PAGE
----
In contrast to Lord Orville’s slightly feminine nature, Burney portrays Mrs. Selwyn as a strong, confident, and masculine woman. Mrs. Selwyn is not afraid to voice her opinions and disagree with men, and she serves as a clear example of the contrast between appearance and reality. Evelina expects Mrs. Selwyn to resemble the other “proper” women that she has met, women who accept their status as inferior to men; instead she finds a sarcastic, bold woman who will gladly oppose a man’s opinion if she disagrees with him. When Lord Merton claims that “a woman wants nothing to recommend her but beauty and good nature; in everything else, she is either impertinent or unnatural,” Mrs. Selwyn retorts by sarcastically saying that “it has always been agreed…that no man ought to be connected with a woman whose understanding is superior to his own,” and goes on to, essentially, call the men “idiots” (361).
Mrs. Selwyn’s display of her own strength of character and disregard for societal expectations shocks and confuses those around her, inciting indignant responses from the men. Mr. Lovel states that “there is something, – in such severity, – that is rather…oddish” about Mrs. Selwyn and questions even referring to her as a lady (362). Mrs. Selwyn’s character serves as a strong female example for both Evelina and Burney’s audience, demonstrating through satire that women do not have to change their personality or opinions to fit in with male expectations of gender roles and femininity.
Eventually, Evelina comes to realize that societal expectations and the “proper” way of existing within a society are a matter of perception. She soon learns that society is not as it appears when she discovers that the upper class people she has associated with can be unkind, cruel, and thoughtless people. After acquainting herself with London society, Evelina has been able to learn much about the way that expectations and appearances contrast with reality. This contrast between appearance and reality becomes abundantly clear when Evelina witnesses Lord Merton and Mr. Coverley racing two elderly women to determine the winner of their bet. When Mr. Coverley loses because the elderly woman injures herself, he is described as “quite brutal; he swore at [the woman] with unmanly rage, and seemed scarce able to refrain even from striking her” (312). Evelina sees these upper class men behaving like animals and mistreating not only women but women who are frail and injured and it becomes clear that even though these men are of the upper class, they are anything but noble. Burney satirizes social class by demonstrating that it is not social standing that defines someone’s character but the way that they actually treat those around them.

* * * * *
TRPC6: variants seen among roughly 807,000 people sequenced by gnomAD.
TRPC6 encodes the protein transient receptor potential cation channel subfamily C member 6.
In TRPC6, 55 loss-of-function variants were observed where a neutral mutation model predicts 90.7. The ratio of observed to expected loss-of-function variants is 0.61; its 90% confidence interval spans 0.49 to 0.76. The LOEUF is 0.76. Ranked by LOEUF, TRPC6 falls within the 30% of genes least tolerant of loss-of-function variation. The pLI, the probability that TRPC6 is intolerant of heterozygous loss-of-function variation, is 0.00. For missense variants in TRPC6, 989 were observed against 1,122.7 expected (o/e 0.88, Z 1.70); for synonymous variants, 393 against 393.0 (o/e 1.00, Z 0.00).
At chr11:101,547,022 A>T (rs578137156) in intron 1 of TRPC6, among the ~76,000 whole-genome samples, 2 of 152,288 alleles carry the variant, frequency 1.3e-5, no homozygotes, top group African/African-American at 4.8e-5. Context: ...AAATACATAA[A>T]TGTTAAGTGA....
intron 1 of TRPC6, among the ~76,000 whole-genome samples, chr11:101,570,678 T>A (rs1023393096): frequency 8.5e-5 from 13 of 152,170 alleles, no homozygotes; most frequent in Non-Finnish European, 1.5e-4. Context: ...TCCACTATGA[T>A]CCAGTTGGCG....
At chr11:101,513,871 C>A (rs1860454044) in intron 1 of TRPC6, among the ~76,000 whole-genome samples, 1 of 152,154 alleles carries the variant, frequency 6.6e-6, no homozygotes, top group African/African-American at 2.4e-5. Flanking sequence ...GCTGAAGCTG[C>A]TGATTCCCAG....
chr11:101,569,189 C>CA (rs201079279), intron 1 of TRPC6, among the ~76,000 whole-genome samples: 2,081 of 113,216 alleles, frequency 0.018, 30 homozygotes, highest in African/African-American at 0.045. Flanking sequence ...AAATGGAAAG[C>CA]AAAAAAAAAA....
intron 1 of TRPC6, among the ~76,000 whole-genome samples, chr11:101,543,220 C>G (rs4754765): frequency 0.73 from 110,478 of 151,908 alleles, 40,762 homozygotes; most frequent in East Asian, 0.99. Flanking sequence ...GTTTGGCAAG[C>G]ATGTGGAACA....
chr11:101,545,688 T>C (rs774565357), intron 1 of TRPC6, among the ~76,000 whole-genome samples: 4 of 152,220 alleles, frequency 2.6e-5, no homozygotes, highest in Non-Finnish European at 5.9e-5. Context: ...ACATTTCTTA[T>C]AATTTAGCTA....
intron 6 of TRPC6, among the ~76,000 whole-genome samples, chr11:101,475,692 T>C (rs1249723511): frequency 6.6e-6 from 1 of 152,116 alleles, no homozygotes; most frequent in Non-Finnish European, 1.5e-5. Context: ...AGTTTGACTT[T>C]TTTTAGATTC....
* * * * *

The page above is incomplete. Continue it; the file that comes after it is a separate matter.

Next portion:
Throughout this satirical novel, Burney supports the virtues of self-possession, sensibility, and responsibility, both social and personal. In one of his letters, Mr. Villars says to Evelina, “Remember, my dear Evelina, nothing is so delicate as the reputation of a woman; it is at once the most beautiful and most brittle of all human things” (166). While Evelina comes to learn that reputation is regarded as important, she also learns that reputation should be based on what a person actually does and how he or she acts rather than how they appear to others.
As a result of Burney’s Evelina, women were encouraged to focus more on reality than appearance and to defy the outdated expectations of their patriarchal society. The issues that Evelina encounters during her journey through London society are still relevant today, as women face double standards when it comes to sexuality, reputation, and social behavior. Burney’s novel is ahead of its time in many ways and is an early example of a woman using cleverly written satire as a means to change her world. Burney utilizes Evelina’s series of social interactions and observations to demonstrate the importance of seeing past preconceptions to find the reality of social class, gender roles, and reputation.